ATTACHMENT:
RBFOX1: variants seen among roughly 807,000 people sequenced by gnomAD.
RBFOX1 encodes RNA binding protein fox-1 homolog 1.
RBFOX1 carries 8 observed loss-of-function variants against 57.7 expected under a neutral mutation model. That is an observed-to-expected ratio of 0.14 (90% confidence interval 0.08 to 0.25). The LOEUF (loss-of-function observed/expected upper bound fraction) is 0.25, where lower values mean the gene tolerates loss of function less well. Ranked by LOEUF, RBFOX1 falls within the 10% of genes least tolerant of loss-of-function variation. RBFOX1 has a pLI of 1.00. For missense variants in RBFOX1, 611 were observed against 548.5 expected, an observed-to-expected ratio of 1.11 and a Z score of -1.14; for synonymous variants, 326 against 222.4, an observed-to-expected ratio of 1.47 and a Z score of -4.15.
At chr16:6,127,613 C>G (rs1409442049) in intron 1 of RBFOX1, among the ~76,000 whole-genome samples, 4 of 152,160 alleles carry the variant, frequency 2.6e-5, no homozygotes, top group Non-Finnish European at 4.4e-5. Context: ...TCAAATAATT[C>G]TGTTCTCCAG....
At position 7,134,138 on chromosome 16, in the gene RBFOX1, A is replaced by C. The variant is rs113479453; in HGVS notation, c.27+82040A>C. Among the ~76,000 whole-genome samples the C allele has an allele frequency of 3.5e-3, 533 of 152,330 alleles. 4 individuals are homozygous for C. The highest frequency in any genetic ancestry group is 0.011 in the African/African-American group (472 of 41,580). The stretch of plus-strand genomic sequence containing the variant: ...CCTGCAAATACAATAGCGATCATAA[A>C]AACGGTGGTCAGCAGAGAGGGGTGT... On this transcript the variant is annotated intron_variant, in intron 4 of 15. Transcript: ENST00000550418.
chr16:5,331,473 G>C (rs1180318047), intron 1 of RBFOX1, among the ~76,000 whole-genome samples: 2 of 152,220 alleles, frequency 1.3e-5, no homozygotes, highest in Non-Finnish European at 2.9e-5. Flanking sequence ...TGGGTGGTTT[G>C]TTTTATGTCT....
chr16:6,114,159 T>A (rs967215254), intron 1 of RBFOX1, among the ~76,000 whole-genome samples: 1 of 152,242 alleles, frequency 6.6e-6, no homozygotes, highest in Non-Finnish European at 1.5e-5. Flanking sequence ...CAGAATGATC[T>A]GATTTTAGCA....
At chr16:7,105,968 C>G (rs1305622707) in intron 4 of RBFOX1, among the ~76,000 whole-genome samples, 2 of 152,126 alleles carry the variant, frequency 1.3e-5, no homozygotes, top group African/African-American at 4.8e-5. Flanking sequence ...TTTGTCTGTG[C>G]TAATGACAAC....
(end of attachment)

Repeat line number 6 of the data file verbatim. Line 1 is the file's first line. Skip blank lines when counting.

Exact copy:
chr16:5,331,473 G>C (rs1180318047), intron 1 of RBFOX1, among the ~76,000 whole-genome samples: 2 of 152,220 alleles, frequency 1.3e-5, no homozygotes, highest in Non-Finnish European at 2.9e-5. Flanking sequence ...TGGGTGGTTT[G>C]TTTTATGTCT....